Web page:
A Whale with a Human Voice
Certain whales can imitate the voices of humans
The marine mammal, a white whale named NOC, copied the sound of people so well that at first, researchers thought they were hearing humans conversing in the distance. A diver who worked with NOC once even left the water, wondering, “Who told me to get out?” The voice turned out to be that of NOC.
“They are highly vocal animals,” lead author Sam Ridgway of the National Marine Mammal Foundation told Discovery News, adding that NOC was not the first to copy human speech.
“A major instance occurred at Vancouver Aquarium in 1979,” he said. “In that case, people thought the whale uttered his name (“Lagosi”) and other sounds that were like garbled German or Russian. Our whale was the second example, however, ours was the first solid demonstration using acoustic analysis including ‘voice print’ simultaneously with human speech.”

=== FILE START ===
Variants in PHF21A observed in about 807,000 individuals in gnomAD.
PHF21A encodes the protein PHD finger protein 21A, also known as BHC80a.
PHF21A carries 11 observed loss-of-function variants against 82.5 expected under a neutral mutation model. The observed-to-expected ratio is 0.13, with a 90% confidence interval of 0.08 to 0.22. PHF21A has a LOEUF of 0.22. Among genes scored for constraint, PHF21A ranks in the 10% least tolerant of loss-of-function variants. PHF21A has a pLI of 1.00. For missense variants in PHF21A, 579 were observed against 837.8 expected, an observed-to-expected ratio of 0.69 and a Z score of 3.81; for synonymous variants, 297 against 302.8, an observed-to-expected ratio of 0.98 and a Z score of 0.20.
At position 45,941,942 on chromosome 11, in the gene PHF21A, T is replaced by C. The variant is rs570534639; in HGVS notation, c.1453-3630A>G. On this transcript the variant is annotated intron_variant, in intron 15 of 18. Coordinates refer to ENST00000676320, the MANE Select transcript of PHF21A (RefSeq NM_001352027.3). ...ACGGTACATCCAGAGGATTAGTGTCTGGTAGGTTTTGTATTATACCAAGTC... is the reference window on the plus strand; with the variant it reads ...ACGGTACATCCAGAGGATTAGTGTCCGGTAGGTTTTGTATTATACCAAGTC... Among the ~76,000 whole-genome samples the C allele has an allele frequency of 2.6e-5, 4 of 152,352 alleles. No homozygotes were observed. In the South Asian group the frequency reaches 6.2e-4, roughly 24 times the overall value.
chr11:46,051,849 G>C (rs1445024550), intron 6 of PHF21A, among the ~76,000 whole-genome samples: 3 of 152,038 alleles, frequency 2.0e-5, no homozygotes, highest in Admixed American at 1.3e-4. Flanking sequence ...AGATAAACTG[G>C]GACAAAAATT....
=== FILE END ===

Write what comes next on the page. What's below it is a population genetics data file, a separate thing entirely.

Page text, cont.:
A Whale with a Human Voice

Certain whales can imitate the voices of humans

The marine mammal, a white whale named NOC, copied the sound of people so well that at first, researchers thought they were hearing humans conversing in the distance. A diver who worked with NOC once even left the water, wondering, “Who told me to get out?” The voice turned out to be that of NOC.

“They are highly vocal animals,” lead author Sam Ridgway of the National Marine Mammal Foundation told Discovery News, adding that NOC was not the first to copy human speech.